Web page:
Muslim soldiers in the British Army during WW1

World War 1 & 2 Books

The Soldiers Burden, Harry’s Africa

Here is a collection of military tales mostly based upon the activities of officers and men from the British County Regiments who came to Africa to do their duty as they understood it had to be done. There is also some description of events during the Great War in Africa, and details of war-time units raised within the continent. Most of these accounts have been published in regimental and museum newsletters and journals.

 

http://www.kaiserscross.com/188001/home.html

Click above, Nigerian infantry on the move in German East Africa

NIGERIANS IN GERMAN EAST AFRICA

Limited in number, their home being a two months' journey inland. Again, the pausas did not wish to serve overseas, far away from their own country. Governor Freeman wrote a long dispatch upon this subject, dated 6th May 1864, at the end of which he states : " I would therefore strongly recommend that the War Office should not relinquish the scheme for the enlistment of Hausas ;but the regiment must be exclusively for African service ;and this settlement (Lagos) must be compensated for the

loss of the regular force it now has at its command by a nucleus of the detachment of Imperial troops."

http://archive.org/stream/cu31924027831860/cu31924027831860_djvu.txt

The Nigerian Regiment in East Africa: On Campaign During the Great War 1916-1918 (Hardback)

22nd September 1917, German East Africa.

After a successful 18-month long campaign in the German Cameroons in West Africa the Nigeria Regiment was selected for operational duty in German East Africa (GEA) and the soldiers were asked to volunteer for this overseas service.  Four battalions were formed, each of four companies with each company having 104 men.   The companies were numbered from 1 to 16 and the battalions from 1 to 4.  A brigade headquarters was formed under Brigadier-General F.H.G. Cunliffe CB CMG.  A battery of four 2.95-inch quick firing, breech loading mountain guns was an integral part of the brigade.  In total the Brigade consisted of 2,402 Nigerian rank and file, 125 British officers, 70 British non-commissioned officers (NCOs) and 812 machine gun and battery gun carriers.  New Short Lee Enfield rifles were issued on embarkation and the men learned how to use these during the two weeks of sailing round southern Africa.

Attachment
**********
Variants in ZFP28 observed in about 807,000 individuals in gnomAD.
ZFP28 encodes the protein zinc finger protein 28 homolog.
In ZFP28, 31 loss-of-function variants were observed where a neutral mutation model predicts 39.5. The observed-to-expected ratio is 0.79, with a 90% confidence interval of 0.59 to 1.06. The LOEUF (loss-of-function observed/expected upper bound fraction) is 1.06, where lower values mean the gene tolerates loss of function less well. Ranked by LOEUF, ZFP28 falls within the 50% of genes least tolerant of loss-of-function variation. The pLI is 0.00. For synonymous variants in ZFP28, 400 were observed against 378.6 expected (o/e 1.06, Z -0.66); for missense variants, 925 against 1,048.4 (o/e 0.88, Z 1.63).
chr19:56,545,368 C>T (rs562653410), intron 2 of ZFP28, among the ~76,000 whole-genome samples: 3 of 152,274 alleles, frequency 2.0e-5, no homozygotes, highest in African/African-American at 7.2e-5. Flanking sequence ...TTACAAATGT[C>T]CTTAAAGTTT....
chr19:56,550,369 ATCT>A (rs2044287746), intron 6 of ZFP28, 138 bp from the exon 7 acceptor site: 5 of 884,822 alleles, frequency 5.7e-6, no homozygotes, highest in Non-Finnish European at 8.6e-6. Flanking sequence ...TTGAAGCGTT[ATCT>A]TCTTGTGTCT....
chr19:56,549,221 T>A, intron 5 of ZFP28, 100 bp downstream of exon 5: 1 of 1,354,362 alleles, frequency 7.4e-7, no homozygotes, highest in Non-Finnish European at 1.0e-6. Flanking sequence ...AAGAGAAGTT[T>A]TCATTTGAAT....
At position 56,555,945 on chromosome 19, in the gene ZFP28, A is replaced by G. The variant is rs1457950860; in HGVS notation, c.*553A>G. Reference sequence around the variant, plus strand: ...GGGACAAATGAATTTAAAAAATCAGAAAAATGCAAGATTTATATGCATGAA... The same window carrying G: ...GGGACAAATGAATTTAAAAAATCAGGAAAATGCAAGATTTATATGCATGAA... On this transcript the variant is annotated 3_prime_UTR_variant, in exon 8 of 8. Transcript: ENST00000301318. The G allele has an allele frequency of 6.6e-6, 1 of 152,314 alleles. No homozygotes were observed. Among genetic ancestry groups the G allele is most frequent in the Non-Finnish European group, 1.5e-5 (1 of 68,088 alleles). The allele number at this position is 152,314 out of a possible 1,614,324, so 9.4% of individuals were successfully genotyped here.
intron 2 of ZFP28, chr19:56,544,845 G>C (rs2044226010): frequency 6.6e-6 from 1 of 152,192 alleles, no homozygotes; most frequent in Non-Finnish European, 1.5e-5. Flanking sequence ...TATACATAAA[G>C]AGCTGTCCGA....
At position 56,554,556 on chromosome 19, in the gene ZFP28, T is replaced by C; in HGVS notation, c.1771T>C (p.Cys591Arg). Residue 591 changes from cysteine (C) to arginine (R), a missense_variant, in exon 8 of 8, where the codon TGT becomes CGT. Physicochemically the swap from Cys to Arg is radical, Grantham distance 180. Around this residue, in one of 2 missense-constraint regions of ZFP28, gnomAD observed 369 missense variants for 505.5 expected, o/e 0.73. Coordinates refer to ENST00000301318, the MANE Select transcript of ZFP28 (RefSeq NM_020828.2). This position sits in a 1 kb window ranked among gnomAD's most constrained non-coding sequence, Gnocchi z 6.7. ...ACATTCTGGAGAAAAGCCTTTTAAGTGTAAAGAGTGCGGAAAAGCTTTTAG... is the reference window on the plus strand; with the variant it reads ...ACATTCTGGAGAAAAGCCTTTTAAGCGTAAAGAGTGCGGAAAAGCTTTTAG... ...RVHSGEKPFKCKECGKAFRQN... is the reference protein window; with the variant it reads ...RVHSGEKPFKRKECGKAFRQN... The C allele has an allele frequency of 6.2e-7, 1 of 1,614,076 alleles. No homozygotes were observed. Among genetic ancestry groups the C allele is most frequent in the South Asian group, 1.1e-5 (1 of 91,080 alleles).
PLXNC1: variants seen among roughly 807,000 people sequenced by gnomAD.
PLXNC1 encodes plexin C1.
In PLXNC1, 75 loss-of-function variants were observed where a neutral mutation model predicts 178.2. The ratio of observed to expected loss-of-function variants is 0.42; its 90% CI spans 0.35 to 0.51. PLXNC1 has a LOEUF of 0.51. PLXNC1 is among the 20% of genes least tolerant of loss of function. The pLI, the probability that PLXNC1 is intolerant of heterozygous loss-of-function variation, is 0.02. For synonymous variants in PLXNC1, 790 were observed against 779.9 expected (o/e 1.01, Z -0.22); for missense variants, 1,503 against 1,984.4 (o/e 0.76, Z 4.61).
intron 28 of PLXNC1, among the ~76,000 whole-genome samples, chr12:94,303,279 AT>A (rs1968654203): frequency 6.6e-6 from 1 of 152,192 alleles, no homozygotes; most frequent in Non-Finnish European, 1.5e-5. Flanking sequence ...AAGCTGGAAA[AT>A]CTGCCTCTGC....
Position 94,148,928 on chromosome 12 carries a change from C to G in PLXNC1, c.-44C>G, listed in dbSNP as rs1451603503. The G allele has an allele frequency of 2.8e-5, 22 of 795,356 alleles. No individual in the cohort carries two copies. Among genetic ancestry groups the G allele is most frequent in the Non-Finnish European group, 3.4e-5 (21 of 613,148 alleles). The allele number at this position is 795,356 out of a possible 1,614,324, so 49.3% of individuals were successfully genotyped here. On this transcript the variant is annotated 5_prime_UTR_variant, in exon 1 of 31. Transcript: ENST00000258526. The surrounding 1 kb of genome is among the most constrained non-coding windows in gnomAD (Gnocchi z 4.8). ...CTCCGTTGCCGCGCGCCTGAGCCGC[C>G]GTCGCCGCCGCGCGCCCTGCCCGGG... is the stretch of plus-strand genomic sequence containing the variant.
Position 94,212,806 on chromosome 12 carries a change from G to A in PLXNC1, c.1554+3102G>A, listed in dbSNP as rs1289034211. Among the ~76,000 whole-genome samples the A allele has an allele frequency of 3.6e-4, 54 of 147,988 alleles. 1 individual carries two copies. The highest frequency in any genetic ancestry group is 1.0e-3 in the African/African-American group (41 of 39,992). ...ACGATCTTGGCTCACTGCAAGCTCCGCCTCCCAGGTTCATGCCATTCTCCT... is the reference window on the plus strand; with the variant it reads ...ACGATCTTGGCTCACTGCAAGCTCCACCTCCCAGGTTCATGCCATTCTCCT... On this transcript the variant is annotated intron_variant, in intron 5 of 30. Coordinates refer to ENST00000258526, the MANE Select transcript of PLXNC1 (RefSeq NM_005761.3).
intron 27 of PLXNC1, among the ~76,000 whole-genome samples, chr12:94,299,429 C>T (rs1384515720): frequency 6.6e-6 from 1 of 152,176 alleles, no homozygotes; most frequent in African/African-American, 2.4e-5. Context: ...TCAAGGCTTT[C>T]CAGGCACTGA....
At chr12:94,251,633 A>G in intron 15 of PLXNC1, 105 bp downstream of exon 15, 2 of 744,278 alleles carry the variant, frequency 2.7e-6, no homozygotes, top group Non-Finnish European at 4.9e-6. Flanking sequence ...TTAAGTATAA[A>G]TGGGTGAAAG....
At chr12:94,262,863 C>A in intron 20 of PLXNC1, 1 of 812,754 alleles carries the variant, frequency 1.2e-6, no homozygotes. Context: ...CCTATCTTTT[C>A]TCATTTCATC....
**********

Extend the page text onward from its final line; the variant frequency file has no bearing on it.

http://www.kaiserscross.com/188001/241201.html

The King’s African Rifles

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History


The roots of the Regiment originate with the clashes with Arab slave traders and warlike native tribes, which compelled the African Lakes Corporation to employ armed natives, under British officers, to protect their stations.  It was a Captain F D Lugard (Norfolk Regt.) who, in 1888, volunteered to lead a military expedition against the slave trader Mlozi.  Nyasaland became a Protectorate in 1889 and the Government formed what was to become 1st Battalion, The Central African Rifles (CAR).  A second Battalion was formed and sent to Mauritius, and then on to Somaliland to operate against the Mullah.  Lugard later became Governor of Uganda.


Cont: http://www.kingsafricanriflesassociation.co.uk/the-history-of-the-kar/

World War One: Kenya's forgotten heroes

http://www.bbc.co.uk/news/world-africa-28836752

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4 August 2014 marked the centenary of the entry of England in World War. India being part of the British overseas empire was unwittingly drawn in World War I and was destined to play an important role as a large contingent of Indian soldiers actively participated in the war.


http://www.bellevision.com/belle/index.php?action=exclusive_inner&type=277

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How do we remember World War One?


There cannot be many people today whose ancestors were not touched by World War One in some way.


http://www.bbc.co.uk/guides/z8tgq6f

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Continued, click on photo above…